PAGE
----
The translation. The translation is actual garbage. Things are misspelled and awkwardly phrased constantly and consistently. Voice acting rarely, if ever, matches up with the dialogue on the screen, most likely because the English VAs knew it sounded awful. Lux-Pain has an excellent narrative with engaging characters, yet it's constantly at odds with a translation that tries to make the story incomprehensible and the characters difficult to read. It's what led to the game being widely panned by critics, and one of the many reasons it's gotten lost in the annals of video game history. On top of, you know, being a niche anime fan game on a system packed to the brim with them.

Is it fair to give a game a three out of ten because of a bad translation though? Or because you're a bit too lamebrained to understand the story? No, no, I don't think so. Lux-Pain has a great narrative that makes perfect sense if you actually bother to pay attention and give thought to it. Yes, it's pretty awful that the translation is so slipshod (rumors point to it being either done by UTV in India or in-house at Marvelous in Japan,) and they charged full-price for the game in America. I'm not trying to excuse that entirely. But I also feel that it doesn't completely invalidate how much the story is able to pull you in and make you care.

And that, I feel, is Lux-Pain's biggest strength, and why I still remember it, six years later, out of the dozens (if not hundreds) of games I've played since. The world, the characters, the concept... all of it works together to produce an interesting little curio of a game that has stood out, over time, as one of my favorite narratives in gaming. It's unfortunate that the sales were dismal (even worse in Japan, if you can believe that,) because that, combined with a few other failures, led to the developer shutting doors a year or two later. Consequently, any hopes of revisiting the weird, dreary, typo-filled world of Lux-Pain are pretty much dead in the water. I mean, weirder things have happened, of course, but I wouldn't imagine chances are very high.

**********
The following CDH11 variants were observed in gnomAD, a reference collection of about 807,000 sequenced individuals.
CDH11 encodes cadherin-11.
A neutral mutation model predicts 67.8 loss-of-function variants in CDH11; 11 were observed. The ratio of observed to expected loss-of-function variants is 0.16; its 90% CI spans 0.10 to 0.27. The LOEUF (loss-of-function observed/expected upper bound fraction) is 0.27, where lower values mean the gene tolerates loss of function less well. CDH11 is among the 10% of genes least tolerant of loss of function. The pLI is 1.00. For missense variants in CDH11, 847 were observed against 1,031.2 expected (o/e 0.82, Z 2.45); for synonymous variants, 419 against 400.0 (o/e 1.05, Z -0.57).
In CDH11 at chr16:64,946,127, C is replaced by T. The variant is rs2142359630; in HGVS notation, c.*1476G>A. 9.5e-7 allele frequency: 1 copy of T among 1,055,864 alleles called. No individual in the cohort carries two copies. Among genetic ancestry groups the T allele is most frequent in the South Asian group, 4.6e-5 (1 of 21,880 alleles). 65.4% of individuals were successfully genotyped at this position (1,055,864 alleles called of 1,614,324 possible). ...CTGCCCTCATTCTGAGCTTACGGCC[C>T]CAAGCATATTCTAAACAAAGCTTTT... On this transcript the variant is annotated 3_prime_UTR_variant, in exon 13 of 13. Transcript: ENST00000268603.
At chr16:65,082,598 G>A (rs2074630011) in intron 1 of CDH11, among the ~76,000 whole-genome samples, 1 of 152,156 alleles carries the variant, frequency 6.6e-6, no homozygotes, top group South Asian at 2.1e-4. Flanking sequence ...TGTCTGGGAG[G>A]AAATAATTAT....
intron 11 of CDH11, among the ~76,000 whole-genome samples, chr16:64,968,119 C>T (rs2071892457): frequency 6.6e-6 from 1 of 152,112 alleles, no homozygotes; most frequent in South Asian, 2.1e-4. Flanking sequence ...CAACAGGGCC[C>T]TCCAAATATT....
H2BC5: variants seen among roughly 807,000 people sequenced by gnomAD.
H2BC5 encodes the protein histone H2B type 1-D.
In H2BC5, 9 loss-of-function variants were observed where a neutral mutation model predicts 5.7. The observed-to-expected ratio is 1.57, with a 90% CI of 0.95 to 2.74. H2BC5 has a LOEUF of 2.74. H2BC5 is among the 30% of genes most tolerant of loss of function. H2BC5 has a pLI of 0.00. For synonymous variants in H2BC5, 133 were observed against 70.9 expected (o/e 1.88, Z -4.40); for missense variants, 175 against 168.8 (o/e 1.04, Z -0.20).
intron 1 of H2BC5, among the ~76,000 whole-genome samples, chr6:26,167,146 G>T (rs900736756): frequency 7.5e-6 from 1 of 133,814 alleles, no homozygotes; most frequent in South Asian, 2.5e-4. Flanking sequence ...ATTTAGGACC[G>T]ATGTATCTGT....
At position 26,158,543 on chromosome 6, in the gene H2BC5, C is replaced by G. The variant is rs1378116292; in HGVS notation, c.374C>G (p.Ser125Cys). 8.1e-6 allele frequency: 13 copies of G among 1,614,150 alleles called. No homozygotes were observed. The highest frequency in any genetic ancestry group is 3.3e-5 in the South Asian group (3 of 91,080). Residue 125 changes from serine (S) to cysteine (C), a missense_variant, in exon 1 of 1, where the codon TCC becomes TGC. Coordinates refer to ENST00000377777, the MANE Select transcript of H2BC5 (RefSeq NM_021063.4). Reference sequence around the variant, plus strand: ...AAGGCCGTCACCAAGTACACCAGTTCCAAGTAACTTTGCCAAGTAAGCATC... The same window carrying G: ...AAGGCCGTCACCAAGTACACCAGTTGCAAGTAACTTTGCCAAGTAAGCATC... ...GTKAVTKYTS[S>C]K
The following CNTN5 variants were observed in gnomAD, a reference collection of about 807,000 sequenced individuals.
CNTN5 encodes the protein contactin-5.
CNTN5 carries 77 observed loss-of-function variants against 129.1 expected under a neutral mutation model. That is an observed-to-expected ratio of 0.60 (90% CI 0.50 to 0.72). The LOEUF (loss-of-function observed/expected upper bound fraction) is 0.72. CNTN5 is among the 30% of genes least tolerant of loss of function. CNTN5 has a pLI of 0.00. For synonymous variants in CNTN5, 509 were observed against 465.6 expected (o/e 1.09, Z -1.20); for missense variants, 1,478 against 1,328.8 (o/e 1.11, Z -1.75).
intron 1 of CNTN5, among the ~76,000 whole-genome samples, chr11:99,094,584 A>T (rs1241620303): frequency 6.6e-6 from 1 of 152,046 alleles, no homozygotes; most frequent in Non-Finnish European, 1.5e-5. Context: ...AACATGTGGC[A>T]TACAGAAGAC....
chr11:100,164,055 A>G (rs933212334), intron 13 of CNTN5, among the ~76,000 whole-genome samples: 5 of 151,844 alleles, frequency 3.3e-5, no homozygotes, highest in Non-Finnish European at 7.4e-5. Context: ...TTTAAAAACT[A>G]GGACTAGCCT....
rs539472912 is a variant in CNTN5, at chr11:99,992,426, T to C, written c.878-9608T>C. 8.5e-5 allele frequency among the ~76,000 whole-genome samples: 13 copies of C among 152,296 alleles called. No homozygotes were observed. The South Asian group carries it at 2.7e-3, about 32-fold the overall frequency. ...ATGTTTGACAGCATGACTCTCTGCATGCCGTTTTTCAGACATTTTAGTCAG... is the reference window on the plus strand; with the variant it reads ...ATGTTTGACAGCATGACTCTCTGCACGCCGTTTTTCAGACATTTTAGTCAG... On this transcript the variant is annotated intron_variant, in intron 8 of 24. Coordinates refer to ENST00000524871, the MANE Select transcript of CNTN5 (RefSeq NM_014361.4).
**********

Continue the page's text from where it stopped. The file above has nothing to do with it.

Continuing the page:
As it stands, though, Lux-Pain is a standalone narrative that's one of the best on the market. It's criminally overlooked and can be had for dirt-cheap these days. You'd be remiss to skip over this one, especially if you're a lover of visual novels and/or ruminations on what makes society tick.

Even if the translation can't ever tell if the characters are in Japan or America.

Nobody's hair looks this great in America.